One of the largest rhetorical weapons in the arsenal regularly wielded by proponents of repurposing or demolishing the Astrodome Â over the last several years has been a brutal financial factoid regularly drawn into arguments over the Houston landmark’s future. How much money in maintenance and debt-service costs have county taxpayers had to spend just to keep the retired sports stadium around and rotting? Why $2.4 million or so each year, claimed news report after news report after editorial after news report. Like the once-record-breaking 642-ft. clear span inside, it was just one of those things people who were paying attention knew.
But that figure isn’t accurate, Harris County’s budget chief now says. And at a meeting called by Judge Ed Emmett this week, Bill Jackson tried to set the record straight: First, he said, the Astrodome is “essentially debt free“; all but 5 percent of outstanding debt payments connected to the facility stem from work done in 2002 and 2003 — after the Dome had been retired from professional sports — to prepare the larger park for the Texans to use it. (The total amount of that remaining debt, according to a Houston Chronicle recalculation earlier this year, is $6 million.) Using the accounting principle of “first in, first out,” this means that all debts attributable to the Dome itself have now been paid for, Jackson said.
How about maintenance and insurance costs, then?
According to Judge Emmett’s office, no separate financial breakout exists for maintenance personnel and expenses associated with Astrodome — whatever the management of Reliant (now NRG) Park has been doing to take care of the vacant and unused space (and it’s not likely much), it’s all subsumed into the total costs for the multi-facility venue, which includes the recently renamed NRG Stadium and NRG Center. And the Chronicle‘s Kiah Collier reports that insurance payments aren’t a factor, because the same $600 million coverage for NRG Park would be necessary whether or not the Astrodome was still there.
So what is the county paying to keep the Astrodome standing? Mostly, expenses to keep the building dry: An annual electrical bill of approximately $165,000, mostly to operate pumps to keep water out of the below-ground-level playing surface, and a $5,526-a-year flood insurance policy just in case.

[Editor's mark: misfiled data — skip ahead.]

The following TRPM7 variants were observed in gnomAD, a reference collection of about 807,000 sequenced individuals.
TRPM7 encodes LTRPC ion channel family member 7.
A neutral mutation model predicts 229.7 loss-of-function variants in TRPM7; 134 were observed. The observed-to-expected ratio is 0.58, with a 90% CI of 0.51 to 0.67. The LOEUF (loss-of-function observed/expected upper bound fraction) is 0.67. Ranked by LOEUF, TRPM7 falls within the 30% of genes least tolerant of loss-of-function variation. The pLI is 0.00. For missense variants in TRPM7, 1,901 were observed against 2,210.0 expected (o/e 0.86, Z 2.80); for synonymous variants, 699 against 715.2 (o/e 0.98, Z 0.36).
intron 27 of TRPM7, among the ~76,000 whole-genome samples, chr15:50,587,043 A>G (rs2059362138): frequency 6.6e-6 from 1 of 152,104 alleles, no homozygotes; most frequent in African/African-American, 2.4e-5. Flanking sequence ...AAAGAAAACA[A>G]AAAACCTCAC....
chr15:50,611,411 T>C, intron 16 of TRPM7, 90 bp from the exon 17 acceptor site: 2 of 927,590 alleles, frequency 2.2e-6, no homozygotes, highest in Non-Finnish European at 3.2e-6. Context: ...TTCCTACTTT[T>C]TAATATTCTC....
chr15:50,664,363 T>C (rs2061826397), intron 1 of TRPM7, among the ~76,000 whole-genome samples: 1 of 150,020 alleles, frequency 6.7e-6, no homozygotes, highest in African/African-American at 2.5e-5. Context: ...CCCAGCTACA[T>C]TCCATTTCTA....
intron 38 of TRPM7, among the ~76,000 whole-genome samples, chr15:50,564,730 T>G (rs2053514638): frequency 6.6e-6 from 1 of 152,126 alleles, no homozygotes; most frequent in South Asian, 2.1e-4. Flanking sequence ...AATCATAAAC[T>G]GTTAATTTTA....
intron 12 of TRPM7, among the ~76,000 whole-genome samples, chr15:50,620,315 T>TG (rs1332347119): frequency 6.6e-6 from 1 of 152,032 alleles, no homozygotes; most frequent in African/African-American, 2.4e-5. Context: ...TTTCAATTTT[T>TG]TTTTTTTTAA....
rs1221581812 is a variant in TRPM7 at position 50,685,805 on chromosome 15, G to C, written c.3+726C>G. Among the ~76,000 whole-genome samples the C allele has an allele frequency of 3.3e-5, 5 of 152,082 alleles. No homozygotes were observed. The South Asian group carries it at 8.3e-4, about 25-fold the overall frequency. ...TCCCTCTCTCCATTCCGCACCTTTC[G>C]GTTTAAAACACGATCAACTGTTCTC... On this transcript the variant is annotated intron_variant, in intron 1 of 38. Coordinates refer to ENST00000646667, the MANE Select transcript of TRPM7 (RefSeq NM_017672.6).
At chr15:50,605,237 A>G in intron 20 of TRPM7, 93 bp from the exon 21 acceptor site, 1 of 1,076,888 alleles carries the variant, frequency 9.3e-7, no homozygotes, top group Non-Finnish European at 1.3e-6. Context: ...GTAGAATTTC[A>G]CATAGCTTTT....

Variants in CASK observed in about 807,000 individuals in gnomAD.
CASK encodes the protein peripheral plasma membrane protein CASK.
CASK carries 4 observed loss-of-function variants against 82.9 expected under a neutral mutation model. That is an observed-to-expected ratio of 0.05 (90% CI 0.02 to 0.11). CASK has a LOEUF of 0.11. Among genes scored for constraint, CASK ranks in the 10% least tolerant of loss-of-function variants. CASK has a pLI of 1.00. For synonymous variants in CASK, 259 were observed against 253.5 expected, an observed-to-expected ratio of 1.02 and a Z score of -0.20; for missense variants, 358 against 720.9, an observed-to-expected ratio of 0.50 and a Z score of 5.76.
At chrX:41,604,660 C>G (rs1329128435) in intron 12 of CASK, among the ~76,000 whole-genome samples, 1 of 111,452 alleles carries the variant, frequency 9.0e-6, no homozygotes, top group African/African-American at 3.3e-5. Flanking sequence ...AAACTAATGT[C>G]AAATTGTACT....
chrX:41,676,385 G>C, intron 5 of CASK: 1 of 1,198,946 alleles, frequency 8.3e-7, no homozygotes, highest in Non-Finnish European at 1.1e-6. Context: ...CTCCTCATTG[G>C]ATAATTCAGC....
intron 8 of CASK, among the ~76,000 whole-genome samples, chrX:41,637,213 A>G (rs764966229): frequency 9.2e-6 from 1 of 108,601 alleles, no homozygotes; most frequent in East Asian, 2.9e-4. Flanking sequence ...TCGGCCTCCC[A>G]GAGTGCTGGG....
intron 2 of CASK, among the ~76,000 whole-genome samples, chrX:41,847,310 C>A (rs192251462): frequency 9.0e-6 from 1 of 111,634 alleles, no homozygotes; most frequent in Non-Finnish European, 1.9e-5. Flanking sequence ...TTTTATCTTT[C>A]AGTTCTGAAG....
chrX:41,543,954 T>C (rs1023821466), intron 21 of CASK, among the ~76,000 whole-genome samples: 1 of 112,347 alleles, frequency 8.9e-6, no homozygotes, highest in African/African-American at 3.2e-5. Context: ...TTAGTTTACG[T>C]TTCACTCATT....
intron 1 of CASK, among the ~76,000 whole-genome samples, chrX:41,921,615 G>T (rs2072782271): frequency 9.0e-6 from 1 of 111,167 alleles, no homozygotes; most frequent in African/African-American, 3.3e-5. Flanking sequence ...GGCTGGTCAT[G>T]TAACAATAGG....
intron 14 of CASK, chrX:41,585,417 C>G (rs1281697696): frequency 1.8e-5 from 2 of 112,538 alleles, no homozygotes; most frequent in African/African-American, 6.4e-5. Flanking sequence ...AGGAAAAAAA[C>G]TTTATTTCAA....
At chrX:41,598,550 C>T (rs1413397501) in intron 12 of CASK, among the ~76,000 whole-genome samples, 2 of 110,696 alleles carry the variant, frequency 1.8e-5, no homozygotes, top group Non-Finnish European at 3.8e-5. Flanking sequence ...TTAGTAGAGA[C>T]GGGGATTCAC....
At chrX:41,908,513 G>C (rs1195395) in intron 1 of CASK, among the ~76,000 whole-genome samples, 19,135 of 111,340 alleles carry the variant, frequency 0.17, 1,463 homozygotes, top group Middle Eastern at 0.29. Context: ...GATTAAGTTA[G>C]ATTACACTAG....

But the estimated $171K a year in costs directly attributed to keeping the Astrodome around (or “probably shy of half a million dollars, if you allocate some of the insurance to it,” Jackson says) doesn’t include costs that would go up if the Dome were demolished. Retired from hosting sports events, impromptu celebrity ball-shagging parties, and even bar mitzvahs and cleared of its interior fittings, the Harris County Domed Stadium is currently employed as an 80,000-sq.-ft. storage facility for NRG Park. If the Dome weren’t around, that space would need to be paid for, and it would likely be far more expensive.
So where did the $2.4 million annual expense figure, superimposed in bold lettering over images of the Dome in many a teevee news report — and routinely expanded to a $2 toÂ $3 millionÂ range in local and national follow-on roundups — come from? The numbers appear to have emerged first from an incomplete analysisÂ that likely included costs for construction and renovation of separate facilities at Reliant Park — an admitted guesstimate based on unexplained and, it now appears, inaccurate data.
But that hasn’t prevent officials with the Harris County Sports and Convention Corporation from repeatedly touting the higher cost figure to reporters and the public. The HCSCC is the same organization that has presided over the Astrodome’s 15-year descent from major-league sports venue to a dilapidated and hobbled teardown target, while repeatedly bungling supposed efforts to find a new use for it. It’s been common for reporters to attribute statements made by members of that organization — even though it’s a county agency with an independent board of directors and staff — to “county officials.”
Despite the clarifications made by actual county budget officers, HCSCC Chairman Edgar ColÃ³n doesn’t appear ready to back down from the higher figure promoted by his organization, though he did promise he would review it. He tells Collier his organization’s accounting includes “labor costs and non-recurring expenses, like repairs from a small fire.”
- Astrodome still in complete limbo: Demolition vote now questioned by public officials as drama drags on [Culturemap]
- County: Dome upkeep costs a lot less than weâ€™ve been saying [Houston Politics]
- Money still owed on Dome less than previously stated [Houston Chronicle ($)]
- Astrodome coverage [Swamplot]
Photo: Russell Hancock